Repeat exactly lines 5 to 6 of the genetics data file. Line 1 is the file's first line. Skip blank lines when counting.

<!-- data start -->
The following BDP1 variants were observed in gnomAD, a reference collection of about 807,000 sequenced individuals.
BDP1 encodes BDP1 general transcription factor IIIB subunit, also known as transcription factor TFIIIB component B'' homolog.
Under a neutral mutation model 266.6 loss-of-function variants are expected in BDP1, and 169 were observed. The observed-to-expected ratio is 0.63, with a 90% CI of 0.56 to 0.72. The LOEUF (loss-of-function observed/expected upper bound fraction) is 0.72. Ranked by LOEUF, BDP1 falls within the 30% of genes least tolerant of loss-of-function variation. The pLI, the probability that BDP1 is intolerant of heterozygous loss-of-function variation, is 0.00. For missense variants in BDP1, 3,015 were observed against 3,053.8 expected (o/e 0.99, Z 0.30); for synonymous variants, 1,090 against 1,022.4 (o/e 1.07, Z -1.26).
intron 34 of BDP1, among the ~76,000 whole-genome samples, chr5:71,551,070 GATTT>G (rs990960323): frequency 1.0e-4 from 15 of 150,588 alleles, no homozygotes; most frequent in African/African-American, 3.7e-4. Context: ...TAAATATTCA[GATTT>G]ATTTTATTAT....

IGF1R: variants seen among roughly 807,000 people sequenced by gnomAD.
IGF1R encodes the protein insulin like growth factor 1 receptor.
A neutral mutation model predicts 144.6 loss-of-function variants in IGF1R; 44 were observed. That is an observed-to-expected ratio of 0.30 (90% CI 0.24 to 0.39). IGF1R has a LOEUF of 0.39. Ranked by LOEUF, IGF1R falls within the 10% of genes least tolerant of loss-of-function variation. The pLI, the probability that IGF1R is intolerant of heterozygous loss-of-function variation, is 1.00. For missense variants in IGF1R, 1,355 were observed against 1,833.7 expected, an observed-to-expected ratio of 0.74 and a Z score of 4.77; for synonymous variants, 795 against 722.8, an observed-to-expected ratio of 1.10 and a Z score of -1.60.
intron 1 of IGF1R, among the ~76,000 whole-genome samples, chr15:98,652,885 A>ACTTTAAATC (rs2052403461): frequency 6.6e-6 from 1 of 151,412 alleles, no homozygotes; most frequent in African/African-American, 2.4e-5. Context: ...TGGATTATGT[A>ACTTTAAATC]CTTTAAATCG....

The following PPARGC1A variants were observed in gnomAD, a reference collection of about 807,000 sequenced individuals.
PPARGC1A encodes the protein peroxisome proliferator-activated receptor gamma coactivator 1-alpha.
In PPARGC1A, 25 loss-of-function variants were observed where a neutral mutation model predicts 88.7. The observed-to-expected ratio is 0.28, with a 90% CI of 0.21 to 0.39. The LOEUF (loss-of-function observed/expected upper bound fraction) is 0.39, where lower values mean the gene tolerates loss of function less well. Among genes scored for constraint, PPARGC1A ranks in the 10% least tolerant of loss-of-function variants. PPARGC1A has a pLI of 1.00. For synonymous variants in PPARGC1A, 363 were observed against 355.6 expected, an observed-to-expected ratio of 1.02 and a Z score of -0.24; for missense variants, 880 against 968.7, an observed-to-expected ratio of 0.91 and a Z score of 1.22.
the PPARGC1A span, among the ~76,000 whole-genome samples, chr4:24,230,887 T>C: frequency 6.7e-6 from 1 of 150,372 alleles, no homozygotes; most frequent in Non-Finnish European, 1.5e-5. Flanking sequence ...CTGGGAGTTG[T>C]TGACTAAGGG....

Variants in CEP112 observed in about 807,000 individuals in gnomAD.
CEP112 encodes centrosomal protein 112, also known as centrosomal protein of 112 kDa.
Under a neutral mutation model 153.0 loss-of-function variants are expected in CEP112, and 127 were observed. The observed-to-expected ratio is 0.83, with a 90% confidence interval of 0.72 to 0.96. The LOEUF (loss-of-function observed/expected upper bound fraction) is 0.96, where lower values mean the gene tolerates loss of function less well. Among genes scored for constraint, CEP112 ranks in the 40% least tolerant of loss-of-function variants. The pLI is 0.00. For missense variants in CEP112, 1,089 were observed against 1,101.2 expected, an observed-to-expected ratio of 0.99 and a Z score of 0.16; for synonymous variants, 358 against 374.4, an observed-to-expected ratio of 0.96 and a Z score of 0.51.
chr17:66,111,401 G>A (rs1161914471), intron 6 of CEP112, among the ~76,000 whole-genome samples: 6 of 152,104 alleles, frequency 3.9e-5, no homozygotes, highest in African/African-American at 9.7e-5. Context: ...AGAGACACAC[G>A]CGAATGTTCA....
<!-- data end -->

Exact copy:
IGF1R: variants seen among roughly 807,000 people sequenced by gnomAD.
IGF1R encodes the protein insulin like growth factor 1 receptor.